by Michael Bisch
(Editor’s note: The following ran in April 2014 and is re-published by request of the author)
“People don’t pay attention until cities talk about bankruptcy, but by then the frog has already been boiled to death.” -David Crane, lecturer in the Public Policy Program at Stanford University*
According to David Crane, reduction of building, street and vehicle maintenance; elimination of arts and cultural programs; cuts in park maintenance; and closures are all indications of the social and cultural bankruptcy that comes long before financial bankruptcy.
All the while, the politicians aren’t setting aside sufficient funds to pay for the promises they’ve made to the public employees. Does any of this sound familiar?
I’m not here to argue that the city of Davis is destined for municipal bankruptcy, but it certainly isn’t taking sufficient action to avert it. It’s not even clear whether effectively meeting the fiscal emergency is the city’ top priority given everything else our leaders are pursuing.
Whether the city can walk, chew gum and balance a checkbook all at the same time remains to be seen.
There are two aspects to the city’s handling of the fiscal emergency that leave a lot to be desired:
- Defining the full scope of the problem along with a full range of viable solutions.
- Engaging in effective and sustained community outreach and input to ensure a robust and productive community discussion leading to an informed electorate.
The city is currently projecting an approximately $5 million structural deficit every year for as far as the eye can see. As shocking as this may be, the city is significantly understating the severity of the fiscal crisis.
The $5 million deficit projection is entirely arbitrary, virtually pulled out of thin air. The deficit projection reflects only $2.5 million per year to address the road and bicycle path maintenance backlog when the annual amount required to reduce the backlog is far, far greater.
Why the city has budgeted only $2.5 million in annual maintenance expenditure is a mystery. That figure results in worse roads and bike paths, not better, and a far greater backlog over time.
The voters deserve the right to vote on whether we have fully maintained roads and bike paths or ever-deteriorating roads and bike paths. Instead, the city is allowing us only the right to vote on the rate of decline. I, for one, would like to vote on a plan that actually fixes the problem.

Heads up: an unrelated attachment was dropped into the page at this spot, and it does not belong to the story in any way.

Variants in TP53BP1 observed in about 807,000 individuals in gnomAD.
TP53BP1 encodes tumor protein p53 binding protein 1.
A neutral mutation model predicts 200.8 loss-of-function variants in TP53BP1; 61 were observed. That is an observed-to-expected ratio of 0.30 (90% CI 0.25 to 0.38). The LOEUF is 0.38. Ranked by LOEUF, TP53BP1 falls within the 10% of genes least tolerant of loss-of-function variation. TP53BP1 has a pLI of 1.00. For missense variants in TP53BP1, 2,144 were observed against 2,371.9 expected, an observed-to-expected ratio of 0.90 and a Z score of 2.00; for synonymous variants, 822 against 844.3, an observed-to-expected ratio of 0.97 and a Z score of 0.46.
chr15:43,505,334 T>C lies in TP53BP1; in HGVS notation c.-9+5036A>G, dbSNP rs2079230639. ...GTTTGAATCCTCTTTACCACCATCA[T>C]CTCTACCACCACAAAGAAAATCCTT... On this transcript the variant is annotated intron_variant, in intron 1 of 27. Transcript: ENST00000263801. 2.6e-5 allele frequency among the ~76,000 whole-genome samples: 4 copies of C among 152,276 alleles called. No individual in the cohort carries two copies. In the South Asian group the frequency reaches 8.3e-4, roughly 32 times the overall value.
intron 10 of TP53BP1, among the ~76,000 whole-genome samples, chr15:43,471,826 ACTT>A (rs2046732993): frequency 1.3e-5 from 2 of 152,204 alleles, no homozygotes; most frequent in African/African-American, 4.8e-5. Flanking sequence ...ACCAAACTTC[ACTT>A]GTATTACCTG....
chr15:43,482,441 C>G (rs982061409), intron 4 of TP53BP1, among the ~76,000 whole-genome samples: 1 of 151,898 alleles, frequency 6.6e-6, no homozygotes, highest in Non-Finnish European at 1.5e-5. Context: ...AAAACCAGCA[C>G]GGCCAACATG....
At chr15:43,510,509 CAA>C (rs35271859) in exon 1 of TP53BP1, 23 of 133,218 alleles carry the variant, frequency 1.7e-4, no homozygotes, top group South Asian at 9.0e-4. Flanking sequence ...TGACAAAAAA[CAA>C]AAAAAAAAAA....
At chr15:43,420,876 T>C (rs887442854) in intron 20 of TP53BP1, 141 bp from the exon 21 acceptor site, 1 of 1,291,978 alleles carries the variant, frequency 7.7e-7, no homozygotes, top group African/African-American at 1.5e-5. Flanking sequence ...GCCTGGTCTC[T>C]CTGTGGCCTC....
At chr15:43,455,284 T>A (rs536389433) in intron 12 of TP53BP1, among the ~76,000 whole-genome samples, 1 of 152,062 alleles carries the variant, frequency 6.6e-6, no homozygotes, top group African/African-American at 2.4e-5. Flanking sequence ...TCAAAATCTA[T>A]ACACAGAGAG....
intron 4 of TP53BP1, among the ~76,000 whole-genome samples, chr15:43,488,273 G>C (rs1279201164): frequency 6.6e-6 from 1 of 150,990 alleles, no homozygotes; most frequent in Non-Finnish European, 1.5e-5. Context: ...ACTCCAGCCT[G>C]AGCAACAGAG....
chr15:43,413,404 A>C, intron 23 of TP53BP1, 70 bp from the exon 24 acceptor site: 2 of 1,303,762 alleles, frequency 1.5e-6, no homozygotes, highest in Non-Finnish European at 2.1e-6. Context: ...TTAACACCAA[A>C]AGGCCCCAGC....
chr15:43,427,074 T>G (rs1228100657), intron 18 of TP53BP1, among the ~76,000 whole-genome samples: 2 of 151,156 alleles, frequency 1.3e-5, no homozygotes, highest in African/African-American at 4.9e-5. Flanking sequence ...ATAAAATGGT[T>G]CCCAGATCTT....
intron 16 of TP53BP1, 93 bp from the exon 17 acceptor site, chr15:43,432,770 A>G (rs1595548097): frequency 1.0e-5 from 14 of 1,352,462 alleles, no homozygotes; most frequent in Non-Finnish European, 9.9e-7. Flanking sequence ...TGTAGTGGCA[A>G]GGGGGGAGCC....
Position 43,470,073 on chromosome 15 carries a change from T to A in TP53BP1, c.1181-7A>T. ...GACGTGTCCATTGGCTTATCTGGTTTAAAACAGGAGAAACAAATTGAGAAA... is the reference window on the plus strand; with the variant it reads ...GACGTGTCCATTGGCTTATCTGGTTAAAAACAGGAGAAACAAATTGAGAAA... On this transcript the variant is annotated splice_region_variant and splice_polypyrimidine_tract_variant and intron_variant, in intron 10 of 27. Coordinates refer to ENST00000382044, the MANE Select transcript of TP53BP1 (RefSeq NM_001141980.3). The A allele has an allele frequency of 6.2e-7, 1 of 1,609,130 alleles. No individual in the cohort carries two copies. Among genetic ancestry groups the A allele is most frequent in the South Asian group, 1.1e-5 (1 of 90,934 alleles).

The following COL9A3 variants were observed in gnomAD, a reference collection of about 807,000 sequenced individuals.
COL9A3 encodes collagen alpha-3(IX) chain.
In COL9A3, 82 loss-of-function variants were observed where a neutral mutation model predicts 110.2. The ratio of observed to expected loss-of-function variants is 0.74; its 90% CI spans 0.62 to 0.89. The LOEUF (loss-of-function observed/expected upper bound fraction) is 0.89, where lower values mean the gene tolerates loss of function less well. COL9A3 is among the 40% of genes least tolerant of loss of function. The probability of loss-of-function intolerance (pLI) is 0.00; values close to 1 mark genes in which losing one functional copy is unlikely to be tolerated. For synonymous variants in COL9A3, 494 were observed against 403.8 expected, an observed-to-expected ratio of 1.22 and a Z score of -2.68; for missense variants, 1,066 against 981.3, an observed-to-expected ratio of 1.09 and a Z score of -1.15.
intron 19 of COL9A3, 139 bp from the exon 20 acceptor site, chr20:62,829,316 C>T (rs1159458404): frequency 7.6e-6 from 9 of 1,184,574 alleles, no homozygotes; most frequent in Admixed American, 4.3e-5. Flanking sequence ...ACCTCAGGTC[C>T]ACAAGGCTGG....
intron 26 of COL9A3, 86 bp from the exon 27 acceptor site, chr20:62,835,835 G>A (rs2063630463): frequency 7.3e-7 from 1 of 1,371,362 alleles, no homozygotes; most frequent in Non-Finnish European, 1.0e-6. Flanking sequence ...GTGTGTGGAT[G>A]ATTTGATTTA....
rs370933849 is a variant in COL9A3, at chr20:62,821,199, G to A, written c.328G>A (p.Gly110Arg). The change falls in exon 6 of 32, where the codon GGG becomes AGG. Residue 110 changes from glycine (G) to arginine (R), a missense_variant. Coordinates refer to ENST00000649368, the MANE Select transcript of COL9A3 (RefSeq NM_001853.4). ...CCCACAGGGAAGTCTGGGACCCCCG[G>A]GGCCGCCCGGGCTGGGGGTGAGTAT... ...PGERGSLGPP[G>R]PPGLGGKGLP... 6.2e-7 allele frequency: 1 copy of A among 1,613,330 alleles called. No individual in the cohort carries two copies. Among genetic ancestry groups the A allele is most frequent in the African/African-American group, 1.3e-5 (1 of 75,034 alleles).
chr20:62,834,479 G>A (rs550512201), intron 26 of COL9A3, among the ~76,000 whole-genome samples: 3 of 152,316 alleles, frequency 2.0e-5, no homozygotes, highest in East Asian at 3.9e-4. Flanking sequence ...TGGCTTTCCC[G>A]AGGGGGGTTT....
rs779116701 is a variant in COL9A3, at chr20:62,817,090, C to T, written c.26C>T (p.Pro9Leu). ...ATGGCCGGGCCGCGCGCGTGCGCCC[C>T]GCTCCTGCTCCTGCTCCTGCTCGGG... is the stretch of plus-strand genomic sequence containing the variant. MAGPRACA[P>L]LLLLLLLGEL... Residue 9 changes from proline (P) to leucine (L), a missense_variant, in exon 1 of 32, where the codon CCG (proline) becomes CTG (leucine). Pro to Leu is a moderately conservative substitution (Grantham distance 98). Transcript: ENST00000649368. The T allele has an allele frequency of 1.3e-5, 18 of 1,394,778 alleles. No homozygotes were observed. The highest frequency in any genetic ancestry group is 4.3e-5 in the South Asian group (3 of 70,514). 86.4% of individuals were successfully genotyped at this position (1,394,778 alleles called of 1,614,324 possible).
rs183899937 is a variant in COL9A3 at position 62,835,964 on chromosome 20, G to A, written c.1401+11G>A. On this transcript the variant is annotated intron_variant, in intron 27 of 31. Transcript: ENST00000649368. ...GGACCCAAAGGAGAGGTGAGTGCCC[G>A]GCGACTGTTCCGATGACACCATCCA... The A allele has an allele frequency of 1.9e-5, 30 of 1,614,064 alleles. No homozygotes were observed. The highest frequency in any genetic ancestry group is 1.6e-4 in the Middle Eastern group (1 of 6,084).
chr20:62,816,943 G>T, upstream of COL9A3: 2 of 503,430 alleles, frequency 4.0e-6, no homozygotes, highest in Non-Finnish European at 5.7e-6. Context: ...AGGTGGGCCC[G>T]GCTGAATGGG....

Furthermore, the $5 million structural deficit does not account for the maintenance backlog for city-owned infrastructure apart from roads and bike paths. What’s the backlog for parks and recreational infrastructure, buildings, lights, street lights, parking lots, etc.? Nobody knows.
How can the voters cast informed votes if they don’t know the extent of the problem? It appears we are destined to vote on a never-ending series of Band-Aid tax measures amounting to a tax version of Chinese water torture.
Even if the city were being fully transparent regarding the extent of the fiscal emergency, and a full range of solutions to deal with it, how would the voters even know about the emergency? Expecting the voters to follow City Council deliberations or media reports does not cut it.
The city knows full well that many voters do not follow regularly follow these matters, i.e., they have “checked out.” Bemoaning the fact that many voters have checked out is not productive. What is productive is to engage in a cutting-edge community outreach and input effort suited to our age, intended to engage the voters. An extraordinary fiscal emergency requires an extraordinary community engagement effort.
Our community deserves to be fully informed, be allowed to weigh a full range of solutions, and to cast informed votes. None of this is currently the case. The voters are not children to be “guided” or “steered” by the city and the politicians in their desired direction. An immediate course correction is in order.
*Although Mr. Crane is not without political controversy, his observation is no less relevant.
-Michael Bisch is the owner of Davis Commercial Properties, a provider of commercial property management, leasing and brokerage services. He has served as a volunteer in a number of downtown-related community service organizations such as Davis Arts Alliance, Pathways to Employment and Davis Downtown.